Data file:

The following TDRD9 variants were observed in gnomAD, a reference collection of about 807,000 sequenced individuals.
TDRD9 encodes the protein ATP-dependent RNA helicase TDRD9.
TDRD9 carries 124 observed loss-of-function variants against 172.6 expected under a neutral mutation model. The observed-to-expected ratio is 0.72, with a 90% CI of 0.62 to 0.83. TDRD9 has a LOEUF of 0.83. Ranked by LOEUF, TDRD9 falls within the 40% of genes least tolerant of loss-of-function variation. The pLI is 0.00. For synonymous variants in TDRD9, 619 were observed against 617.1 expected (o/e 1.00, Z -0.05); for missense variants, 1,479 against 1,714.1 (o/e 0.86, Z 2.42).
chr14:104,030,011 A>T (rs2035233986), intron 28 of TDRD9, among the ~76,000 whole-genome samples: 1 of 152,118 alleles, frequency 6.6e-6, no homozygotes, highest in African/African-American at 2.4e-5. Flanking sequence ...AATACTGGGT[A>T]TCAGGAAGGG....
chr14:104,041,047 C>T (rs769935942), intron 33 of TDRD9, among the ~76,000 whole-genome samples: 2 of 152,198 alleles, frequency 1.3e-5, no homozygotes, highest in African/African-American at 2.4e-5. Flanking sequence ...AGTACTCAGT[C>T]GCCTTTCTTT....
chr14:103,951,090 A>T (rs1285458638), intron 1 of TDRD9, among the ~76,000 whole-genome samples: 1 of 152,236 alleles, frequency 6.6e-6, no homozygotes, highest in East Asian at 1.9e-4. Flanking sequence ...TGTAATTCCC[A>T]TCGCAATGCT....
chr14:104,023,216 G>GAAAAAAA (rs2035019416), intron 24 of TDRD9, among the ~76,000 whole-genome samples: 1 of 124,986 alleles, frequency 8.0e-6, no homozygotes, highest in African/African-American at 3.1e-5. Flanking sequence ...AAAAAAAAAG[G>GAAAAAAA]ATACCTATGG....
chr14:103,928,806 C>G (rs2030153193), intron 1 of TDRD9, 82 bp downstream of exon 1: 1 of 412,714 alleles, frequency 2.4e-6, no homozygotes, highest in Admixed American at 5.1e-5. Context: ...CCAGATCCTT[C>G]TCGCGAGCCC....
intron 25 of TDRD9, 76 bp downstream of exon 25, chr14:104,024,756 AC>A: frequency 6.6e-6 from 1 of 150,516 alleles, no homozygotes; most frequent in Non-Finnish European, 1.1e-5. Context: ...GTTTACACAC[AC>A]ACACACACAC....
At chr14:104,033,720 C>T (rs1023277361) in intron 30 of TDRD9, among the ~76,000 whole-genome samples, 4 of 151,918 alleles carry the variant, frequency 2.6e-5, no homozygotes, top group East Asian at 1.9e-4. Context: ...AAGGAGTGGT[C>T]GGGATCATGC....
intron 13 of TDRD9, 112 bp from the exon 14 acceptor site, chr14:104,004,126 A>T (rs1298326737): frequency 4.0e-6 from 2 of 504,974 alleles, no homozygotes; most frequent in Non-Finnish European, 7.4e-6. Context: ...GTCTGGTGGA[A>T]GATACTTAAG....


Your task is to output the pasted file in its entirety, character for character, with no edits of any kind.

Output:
The following TDRD9 variants were observed in gnomAD, a reference collection of about 807,000 sequenced individuals.
TDRD9 encodes the protein ATP-dependent RNA helicase TDRD9.
TDRD9 carries 124 observed loss-of-function variants against 172.6 expected under a neutral mutation model. The observed-to-expected ratio is 0.72, with a 90% CI of 0.62 to 0.83. TDRD9 has a LOEUF of 0.83. Ranked by LOEUF, TDRD9 falls within the 40% of genes least tolerant of loss-of-function variation. The pLI is 0.00. For synonymous variants in TDRD9, 619 were observed against 617.1 expected (o/e 1.00, Z -0.05); for missense variants, 1,479 against 1,714.1 (o/e 0.86, Z 2.42).
chr14:104,030,011 A>T (rs2035233986), intron 28 of TDRD9, among the ~76,000 whole-genome samples: 1 of 152,118 alleles, frequency 6.6e-6, no homozygotes, highest in African/African-American at 2.4e-5. Flanking sequence ...AATACTGGGT[A>T]TCAGGAAGGG....
chr14:104,041,047 C>T (rs769935942), intron 33 of TDRD9, among the ~76,000 whole-genome samples: 2 of 152,198 alleles, frequency 1.3e-5, no homozygotes, highest in African/African-American at 2.4e-5. Flanking sequence ...AGTACTCAGT[C>T]GCCTTTCTTT....
chr14:103,951,090 A>T (rs1285458638), intron 1 of TDRD9, among the ~76,000 whole-genome samples: 1 of 152,236 alleles, frequency 6.6e-6, no homozygotes, highest in East Asian at 1.9e-4. Flanking sequence ...TGTAATTCCC[A>T]TCGCAATGCT....
chr14:104,023,216 G>GAAAAAAA (rs2035019416), intron 24 of TDRD9, among the ~76,000 whole-genome samples: 1 of 124,986 alleles, frequency 8.0e-6, no homozygotes, highest in African/African-American at 3.1e-5. Flanking sequence ...AAAAAAAAAG[G>GAAAAAAA]ATACCTATGG....
chr14:103,928,806 C>G (rs2030153193), intron 1 of TDRD9, 82 bp downstream of exon 1: 1 of 412,714 alleles, frequency 2.4e-6, no homozygotes, highest in Admixed American at 5.1e-5. Context: ...CCAGATCCTT[C>G]TCGCGAGCCC....
intron 25 of TDRD9, 76 bp downstream of exon 25, chr14:104,024,756 AC>A: frequency 6.6e-6 from 1 of 150,516 alleles, no homozygotes; most frequent in Non-Finnish European, 1.1e-5. Context: ...GTTTACACAC[AC>A]ACACACACAC....
At chr14:104,033,720 C>T (rs1023277361) in intron 30 of TDRD9, among the ~76,000 whole-genome samples, 4 of 151,918 alleles carry the variant, frequency 2.6e-5, no homozygotes, top group East Asian at 1.9e-4. Context: ...AAGGAGTGGT[C>T]GGGATCATGC....
intron 13 of TDRD9, 112 bp from the exon 14 acceptor site, chr14:104,004,126 A>T (rs1298326737): frequency 4.0e-6 from 2 of 504,974 alleles, no homozygotes; most frequent in Non-Finnish European, 7.4e-6. Context: ...GTCTGGTGGA[A>T]GATACTTAAG....